Making a mark

Wednesday, July 30th, 2014

Photo Jul 30, 11 11 11 AM (1)

Some mornings, after our walk, my 21-month-old son and I will sit on our front steps and draw on a little square of the sidewalk with chalk. Birds (“brrr!”), trucks (“chuck!”) and maybe the letter S (“esh!”) or B (“buh!”) It never gets old, but it gets hot, so when we’re sweaty enough, I stick the little box of sidewalk chalk behind a potted plant on our porch, and we go back inside the house.

* * *

This morning when we got back from our walk, I noticed someone had taken the red chalk from the box and written down the sidewalk:


At first I was puzzled by the graffiti, but then I looked across the street at the signs stuck in my neighbors’ tree lawns, advertising the URL of the local “bike-powered compost recycling” startup. And like Will Graham in an episode Hannibal, I blinked my eyes a couple times, and reconstructed the scene: The Composter, biking the big barrel around, collecting the green buckets from porches, comes across my porch, which is bucketless. The Composter takes in our drawings, notices the sidewalk chalk, and sees not a marketing opportunity, no, but a chance to spread the message.

* * *

I’ve been feeling cranky lately about the slogans I’ve seen coming from the “creative” slash “entrepreneural” slash “startup” worlds:



It strikes me that both of these metaphors involve vandalism.


The shape of days

Wednesday, July 9th, 2014

i had a rough day

Kurt Vonnegut thought every story has a shape that can be graphed —  each has a beginning and an end (plotted on the x-axis) and every character goes through “good fortune” and “ill fortune” (plotted on the y-axis). I put a bunch of them together for this chart in Show Your Work!:

kurt vonnegut's story graphs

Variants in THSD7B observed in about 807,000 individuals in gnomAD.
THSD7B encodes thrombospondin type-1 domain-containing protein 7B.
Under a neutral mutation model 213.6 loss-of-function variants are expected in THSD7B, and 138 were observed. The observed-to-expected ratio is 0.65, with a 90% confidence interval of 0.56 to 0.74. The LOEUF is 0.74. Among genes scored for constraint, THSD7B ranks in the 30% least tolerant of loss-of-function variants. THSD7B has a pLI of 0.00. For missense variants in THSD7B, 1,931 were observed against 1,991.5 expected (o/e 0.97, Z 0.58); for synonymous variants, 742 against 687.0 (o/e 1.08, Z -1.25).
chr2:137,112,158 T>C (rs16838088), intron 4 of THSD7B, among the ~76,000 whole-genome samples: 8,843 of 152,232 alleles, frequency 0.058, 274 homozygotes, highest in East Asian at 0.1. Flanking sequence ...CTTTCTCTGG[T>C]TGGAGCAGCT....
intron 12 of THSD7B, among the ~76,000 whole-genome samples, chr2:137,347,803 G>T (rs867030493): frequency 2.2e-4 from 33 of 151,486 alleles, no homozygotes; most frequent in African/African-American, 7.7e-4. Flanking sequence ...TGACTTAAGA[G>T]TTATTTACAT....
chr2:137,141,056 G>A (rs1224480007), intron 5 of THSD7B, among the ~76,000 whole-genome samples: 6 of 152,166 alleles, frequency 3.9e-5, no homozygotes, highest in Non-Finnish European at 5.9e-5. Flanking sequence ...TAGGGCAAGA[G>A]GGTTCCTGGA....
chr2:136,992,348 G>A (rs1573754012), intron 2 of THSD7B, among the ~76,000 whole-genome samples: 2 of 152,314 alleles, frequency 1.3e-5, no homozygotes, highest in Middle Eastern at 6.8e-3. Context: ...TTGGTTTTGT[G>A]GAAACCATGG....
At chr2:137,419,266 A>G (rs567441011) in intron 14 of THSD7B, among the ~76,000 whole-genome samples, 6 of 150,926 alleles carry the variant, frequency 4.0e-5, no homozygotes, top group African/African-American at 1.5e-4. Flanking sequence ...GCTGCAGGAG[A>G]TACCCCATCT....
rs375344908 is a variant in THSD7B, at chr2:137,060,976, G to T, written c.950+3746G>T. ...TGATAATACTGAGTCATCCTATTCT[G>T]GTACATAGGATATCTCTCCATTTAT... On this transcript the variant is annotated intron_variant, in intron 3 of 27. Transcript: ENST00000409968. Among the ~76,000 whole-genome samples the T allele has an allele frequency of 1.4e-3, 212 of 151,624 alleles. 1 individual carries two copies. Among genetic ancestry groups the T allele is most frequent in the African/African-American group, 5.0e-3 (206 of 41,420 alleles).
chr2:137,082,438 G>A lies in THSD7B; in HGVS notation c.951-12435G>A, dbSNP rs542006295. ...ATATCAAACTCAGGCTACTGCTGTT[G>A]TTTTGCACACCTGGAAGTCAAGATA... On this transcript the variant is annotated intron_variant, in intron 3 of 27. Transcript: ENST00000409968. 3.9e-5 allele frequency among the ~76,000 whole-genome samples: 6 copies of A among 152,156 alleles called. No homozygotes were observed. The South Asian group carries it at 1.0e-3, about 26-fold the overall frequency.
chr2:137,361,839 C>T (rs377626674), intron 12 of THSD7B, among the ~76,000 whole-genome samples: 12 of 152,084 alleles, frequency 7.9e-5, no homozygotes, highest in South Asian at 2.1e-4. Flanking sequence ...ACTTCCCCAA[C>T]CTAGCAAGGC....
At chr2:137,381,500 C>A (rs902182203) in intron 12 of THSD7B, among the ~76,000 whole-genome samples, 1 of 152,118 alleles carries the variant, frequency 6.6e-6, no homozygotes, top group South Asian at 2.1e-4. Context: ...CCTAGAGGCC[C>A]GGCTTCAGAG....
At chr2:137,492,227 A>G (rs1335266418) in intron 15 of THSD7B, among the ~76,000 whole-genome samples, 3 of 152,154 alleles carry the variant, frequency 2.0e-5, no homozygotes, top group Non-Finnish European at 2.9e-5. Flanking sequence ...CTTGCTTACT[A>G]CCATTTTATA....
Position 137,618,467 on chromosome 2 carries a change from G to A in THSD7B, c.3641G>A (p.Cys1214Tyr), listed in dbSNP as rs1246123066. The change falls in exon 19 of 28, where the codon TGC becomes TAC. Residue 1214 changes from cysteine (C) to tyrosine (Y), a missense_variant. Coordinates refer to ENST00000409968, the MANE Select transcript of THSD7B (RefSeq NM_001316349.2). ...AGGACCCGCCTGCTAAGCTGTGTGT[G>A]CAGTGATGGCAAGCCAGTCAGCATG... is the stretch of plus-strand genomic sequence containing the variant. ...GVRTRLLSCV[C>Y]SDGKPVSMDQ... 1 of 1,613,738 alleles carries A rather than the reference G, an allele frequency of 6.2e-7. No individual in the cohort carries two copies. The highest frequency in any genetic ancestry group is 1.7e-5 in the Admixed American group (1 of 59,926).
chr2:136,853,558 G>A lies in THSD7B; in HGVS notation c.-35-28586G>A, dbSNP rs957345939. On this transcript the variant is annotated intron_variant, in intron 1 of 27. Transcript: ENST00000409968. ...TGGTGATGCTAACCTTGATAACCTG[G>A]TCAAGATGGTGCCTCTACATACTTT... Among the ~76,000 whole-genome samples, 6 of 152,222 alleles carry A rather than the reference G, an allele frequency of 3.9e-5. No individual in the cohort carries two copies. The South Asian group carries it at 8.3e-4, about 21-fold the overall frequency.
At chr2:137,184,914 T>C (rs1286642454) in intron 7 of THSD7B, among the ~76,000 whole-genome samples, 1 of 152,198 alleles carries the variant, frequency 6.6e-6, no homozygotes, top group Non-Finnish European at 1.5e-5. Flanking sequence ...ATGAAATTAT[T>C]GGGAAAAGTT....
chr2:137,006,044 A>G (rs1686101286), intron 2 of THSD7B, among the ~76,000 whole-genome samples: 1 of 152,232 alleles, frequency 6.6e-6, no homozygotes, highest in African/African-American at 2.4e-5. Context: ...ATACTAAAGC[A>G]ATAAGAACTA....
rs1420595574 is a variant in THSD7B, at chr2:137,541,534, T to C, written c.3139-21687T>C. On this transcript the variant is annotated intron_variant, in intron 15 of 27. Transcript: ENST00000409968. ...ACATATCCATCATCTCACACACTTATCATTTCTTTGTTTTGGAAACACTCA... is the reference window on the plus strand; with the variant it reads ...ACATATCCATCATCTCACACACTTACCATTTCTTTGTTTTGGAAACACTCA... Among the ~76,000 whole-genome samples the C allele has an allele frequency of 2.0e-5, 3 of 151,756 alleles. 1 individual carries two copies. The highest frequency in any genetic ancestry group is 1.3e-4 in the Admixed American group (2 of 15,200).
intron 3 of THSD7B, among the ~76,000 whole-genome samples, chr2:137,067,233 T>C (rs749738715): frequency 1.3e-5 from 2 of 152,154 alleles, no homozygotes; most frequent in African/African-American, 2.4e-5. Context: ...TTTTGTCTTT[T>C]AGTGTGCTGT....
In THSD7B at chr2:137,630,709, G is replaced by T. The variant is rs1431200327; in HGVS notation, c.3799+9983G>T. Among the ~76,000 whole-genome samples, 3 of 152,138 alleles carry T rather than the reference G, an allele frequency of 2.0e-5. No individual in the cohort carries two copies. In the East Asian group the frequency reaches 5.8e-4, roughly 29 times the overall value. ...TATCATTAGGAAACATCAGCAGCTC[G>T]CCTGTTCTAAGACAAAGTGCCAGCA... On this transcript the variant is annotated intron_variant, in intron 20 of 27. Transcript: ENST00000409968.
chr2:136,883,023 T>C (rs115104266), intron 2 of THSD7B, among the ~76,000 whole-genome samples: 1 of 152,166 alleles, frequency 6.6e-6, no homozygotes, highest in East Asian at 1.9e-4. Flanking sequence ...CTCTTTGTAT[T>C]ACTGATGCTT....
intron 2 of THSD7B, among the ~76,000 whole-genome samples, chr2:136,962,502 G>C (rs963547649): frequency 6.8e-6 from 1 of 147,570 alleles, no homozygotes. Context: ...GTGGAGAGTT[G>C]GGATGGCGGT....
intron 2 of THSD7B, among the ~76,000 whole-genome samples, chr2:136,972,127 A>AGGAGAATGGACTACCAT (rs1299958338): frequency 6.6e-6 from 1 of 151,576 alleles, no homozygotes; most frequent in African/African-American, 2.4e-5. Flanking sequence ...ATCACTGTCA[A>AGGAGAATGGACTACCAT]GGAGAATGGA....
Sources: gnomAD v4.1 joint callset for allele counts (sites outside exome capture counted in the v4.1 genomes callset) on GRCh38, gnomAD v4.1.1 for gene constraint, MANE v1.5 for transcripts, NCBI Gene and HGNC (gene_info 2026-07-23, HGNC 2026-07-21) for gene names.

I think our days have shapes, too — each has a beginning and an end, and we go through good and ill fortune as it progresses. (more…)

Is the year half empty or half full?

Wednesday, July 2nd, 2014

is the year half empty or half full

July 2nd is the middle of the year. Half of the year is gone, half of the year is still to be.

One of the reasons I like keeping a logbook is that it makes time tangible. Turn the pages, and you can feel the days pass.

Sometimes you flip back through the pages and they feel wasted. But flip forward, and you still have plenty of blank pages to fill.


A brief history of my newspaper blackout poems

Tuesday, April 29th, 2014

Every morning I try to pick up a newspaper and a Sharpie marker, and I make one of my newspaper blackout poems:

This is what one looks like after I scan it into Photoshop and play with the levels a bit:

in texas there is nothing but texas

(It’s sort of like if the CIA did haiku.)


Interview with A Total Disruption

Monday, March 3rd, 2014

A Total Disruption

Filmmaker Ondi Timoner came out to the house last September to interview me for her series, A Total Disruption, right around the time I was finishing up Show Your Work! It’s a fun time capsule for me—since then, I’ve moved out to my own studio and lost about 25 pounds! (Still carrying around the same ideas, though.)

Watch it below or on YouTube→

10 Ways To Share Your Creativity and Get Discovered

Wednesday, February 19th, 2014

Show Your Work cover

Show Your Work! is a book for people who hate the very idea of self-promotion. It’s the followup to my New York Times bestseller, Steal Like An Artistif Steal was a book about how to be more creative by stealing influence from others, Show is a book about how to influence others by letting them steal from you.

10 ways to share your creativity